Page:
from The American Heritage® Dictionary of the English Language, 4th Edition
- n. The act of curving or the state of being curved.
- n. Mathematics The ratio of the change in the angle of a tangent that moves over a given arc to the length of the arc.
- n. Mathematics The limit of this ratio as the length of the arc approaches zero.
- n. Mathematics The reciprocal of the radius of a circle.
- n. Medicine A curving or bending, especially an abnormal one: curvature of the spine.
from Wiktionary, Creative Commons Attribution/Share-Alike License
- n. The shape of something curved.
- n. The extent to which a subspace is curved within a metric space.
- n. The extent to which a Riemannian manifold is intrinsically curved.
from the GNU version of the Collaborative International Dictionary of English
- n. The act of curving, or the state of being bent or curved; a curving or bending, normal or abnormal, as of a line or surface from a rectilinear direction; a bend; a curve.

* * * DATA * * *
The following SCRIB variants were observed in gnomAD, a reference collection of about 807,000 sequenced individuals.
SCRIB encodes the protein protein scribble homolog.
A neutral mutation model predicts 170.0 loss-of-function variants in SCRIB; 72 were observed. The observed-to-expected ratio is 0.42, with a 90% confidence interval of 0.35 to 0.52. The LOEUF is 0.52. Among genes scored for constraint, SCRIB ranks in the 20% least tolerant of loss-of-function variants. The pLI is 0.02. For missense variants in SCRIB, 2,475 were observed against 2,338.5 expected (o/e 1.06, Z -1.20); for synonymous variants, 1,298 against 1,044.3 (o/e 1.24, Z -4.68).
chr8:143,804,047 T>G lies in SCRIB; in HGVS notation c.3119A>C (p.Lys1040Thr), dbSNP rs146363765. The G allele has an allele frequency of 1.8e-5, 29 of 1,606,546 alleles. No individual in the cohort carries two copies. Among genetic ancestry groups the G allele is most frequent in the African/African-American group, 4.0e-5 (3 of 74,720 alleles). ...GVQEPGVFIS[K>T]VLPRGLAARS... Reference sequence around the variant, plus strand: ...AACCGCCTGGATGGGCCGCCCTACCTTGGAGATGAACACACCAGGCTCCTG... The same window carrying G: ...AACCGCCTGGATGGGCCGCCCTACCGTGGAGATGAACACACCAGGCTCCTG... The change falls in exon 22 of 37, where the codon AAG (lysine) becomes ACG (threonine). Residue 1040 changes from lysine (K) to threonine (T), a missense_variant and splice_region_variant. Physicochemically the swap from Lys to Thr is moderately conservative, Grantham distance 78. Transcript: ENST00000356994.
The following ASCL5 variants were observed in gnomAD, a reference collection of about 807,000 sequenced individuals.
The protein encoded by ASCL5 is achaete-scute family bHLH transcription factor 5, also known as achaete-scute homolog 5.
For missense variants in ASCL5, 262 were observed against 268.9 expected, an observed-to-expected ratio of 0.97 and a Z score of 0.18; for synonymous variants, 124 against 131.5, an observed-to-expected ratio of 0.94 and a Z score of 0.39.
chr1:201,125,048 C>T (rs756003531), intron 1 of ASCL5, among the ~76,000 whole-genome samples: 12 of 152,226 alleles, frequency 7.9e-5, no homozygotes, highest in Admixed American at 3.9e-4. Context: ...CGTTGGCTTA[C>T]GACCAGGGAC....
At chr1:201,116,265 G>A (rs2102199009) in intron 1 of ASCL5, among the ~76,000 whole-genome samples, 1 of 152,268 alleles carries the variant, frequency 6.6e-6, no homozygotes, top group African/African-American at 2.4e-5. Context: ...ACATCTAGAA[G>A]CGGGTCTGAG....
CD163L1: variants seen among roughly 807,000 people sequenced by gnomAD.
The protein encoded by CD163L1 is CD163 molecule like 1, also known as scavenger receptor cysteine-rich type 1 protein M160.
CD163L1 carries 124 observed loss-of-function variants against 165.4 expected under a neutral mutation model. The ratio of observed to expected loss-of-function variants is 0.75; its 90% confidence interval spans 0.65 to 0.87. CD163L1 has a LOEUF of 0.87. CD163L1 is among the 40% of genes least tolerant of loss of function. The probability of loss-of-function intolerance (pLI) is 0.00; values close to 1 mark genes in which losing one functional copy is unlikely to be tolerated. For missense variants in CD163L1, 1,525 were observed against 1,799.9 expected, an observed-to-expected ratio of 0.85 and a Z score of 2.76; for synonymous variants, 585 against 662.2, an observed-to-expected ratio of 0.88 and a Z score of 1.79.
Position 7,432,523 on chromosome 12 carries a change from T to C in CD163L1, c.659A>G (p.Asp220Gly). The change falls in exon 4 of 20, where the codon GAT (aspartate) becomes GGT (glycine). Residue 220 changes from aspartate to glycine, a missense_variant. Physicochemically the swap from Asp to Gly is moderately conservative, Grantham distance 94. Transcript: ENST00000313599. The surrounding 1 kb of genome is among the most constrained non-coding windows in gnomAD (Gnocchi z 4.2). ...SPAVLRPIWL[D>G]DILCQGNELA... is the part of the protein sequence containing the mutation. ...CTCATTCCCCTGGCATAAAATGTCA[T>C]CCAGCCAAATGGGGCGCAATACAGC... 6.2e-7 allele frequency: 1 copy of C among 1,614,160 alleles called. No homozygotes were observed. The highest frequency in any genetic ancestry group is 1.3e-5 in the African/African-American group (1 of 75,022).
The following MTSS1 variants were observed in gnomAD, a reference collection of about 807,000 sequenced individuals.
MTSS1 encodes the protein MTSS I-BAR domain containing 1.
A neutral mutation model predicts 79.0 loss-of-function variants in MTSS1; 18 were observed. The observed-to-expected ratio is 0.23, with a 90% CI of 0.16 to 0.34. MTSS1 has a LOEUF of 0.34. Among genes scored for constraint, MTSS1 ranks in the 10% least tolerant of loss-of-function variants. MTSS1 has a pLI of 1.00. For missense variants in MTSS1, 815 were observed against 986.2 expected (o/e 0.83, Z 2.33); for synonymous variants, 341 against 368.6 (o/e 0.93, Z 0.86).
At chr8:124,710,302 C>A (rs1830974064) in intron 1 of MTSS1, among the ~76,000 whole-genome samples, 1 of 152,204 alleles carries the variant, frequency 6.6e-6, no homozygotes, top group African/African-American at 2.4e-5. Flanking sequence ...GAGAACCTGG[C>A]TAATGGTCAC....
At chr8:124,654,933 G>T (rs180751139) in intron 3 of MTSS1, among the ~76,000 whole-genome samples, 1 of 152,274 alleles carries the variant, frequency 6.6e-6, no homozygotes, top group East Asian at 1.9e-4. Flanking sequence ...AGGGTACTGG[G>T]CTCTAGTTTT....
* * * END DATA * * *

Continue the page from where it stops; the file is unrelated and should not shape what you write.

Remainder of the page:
- n. The amount of degree of bending of a mathematical curve, or the tendency at any point to depart from a tangent drawn to the curve at that point.
from The Century Dictionary and Cyclopedia
- n. Continuous bending; the essential character of a curve: applied primarily to lines, but also to surfaces. See phrases below.
- n. Any curving or bending; a flexure.
- n. Something which is curved or bent.
- n. In projective geometry, susceptibility of being cut in two different points by a straight, independently of whether the construct possessing this property has any point at which two straights inclined to one another and lying in this construct might meet. In metric geometry curvature is often used for the measure of curvature or the reciprocal of the radius of curvature.
from WordNet 3.0 Copyright 2006 by Princeton University. All rights reserved.
- n. the rate of change (at a point) of the angle between a curve and a tangent to the curve
- n. the property possessed by the curving of a line or surface
- n. (medicine) a curving or bending; often abnormal
Middle English, from Latin curvātūra, from curvātus, past participle of curvāre, to bend, from curvus, curved.(American Heritage® Dictionary of the English Language, Fourth Edition)